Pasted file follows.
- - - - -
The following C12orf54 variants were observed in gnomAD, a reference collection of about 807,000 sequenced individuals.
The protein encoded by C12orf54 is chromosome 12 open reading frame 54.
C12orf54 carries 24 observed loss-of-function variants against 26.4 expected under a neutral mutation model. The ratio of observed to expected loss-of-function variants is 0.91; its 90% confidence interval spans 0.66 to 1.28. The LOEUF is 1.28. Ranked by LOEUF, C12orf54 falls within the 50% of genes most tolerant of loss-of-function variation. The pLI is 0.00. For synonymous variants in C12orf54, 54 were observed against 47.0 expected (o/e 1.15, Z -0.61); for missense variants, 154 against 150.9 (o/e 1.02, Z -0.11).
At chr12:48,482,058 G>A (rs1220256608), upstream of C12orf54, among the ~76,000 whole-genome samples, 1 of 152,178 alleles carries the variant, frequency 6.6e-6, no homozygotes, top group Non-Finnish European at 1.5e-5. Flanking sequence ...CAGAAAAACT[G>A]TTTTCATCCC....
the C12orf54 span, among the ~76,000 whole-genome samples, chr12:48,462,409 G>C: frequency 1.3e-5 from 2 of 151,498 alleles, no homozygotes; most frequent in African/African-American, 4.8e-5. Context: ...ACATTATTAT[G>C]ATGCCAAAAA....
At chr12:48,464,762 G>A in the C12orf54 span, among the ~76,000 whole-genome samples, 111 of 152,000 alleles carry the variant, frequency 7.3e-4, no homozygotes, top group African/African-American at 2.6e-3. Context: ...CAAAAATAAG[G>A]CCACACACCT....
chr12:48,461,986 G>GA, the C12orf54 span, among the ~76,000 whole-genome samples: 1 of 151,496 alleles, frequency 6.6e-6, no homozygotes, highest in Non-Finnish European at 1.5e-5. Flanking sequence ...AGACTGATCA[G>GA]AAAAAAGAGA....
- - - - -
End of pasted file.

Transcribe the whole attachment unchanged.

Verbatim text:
The following C12orf54 variants were observed in gnomAD, a reference collection of about 807,000 sequenced individuals.
The protein encoded by C12orf54 is chromosome 12 open reading frame 54.
C12orf54 carries 24 observed loss-of-function variants against 26.4 expected under a neutral mutation model. The ratio of observed to expected loss-of-function variants is 0.91; its 90% confidence interval spans 0.66 to 1.28. The LOEUF is 1.28. Ranked by LOEUF, C12orf54 falls within the 50% of genes most tolerant of loss-of-function variation. The pLI is 0.00. For synonymous variants in C12orf54, 54 were observed against 47.0 expected (o/e 1.15, Z -0.61); for missense variants, 154 against 150.9 (o/e 1.02, Z -0.11).
At chr12:48,482,058 G>A (rs1220256608), upstream of C12orf54, among the ~76,000 whole-genome samples, 1 of 152,178 alleles carries the variant, frequency 6.6e-6, no homozygotes, top group Non-Finnish European at 1.5e-5. Flanking sequence ...CAGAAAAACT[G>A]TTTTCATCCC....
the C12orf54 span, among the ~76,000 whole-genome samples, chr12:48,462,409 G>C: frequency 1.3e-5 from 2 of 151,498 alleles, no homozygotes; most frequent in African/African-American, 4.8e-5. Context: ...ACATTATTAT[G>C]ATGCCAAAAA....
At chr12:48,464,762 G>A in the C12orf54 span, among the ~76,000 whole-genome samples, 111 of 152,000 alleles carry the variant, frequency 7.3e-4, no homozygotes, top group African/African-American at 2.6e-3. Context: ...CAAAAATAAG[G>A]CCACACACCT....
chr12:48,461,986 G>GA, the C12orf54 span, among the ~76,000 whole-genome samples: 1 of 151,496 alleles, frequency 6.6e-6, no homozygotes, highest in Non-Finnish European at 1.5e-5. Flanking sequence ...AGACTGATCA[G>GA]AAAAAAGAGA....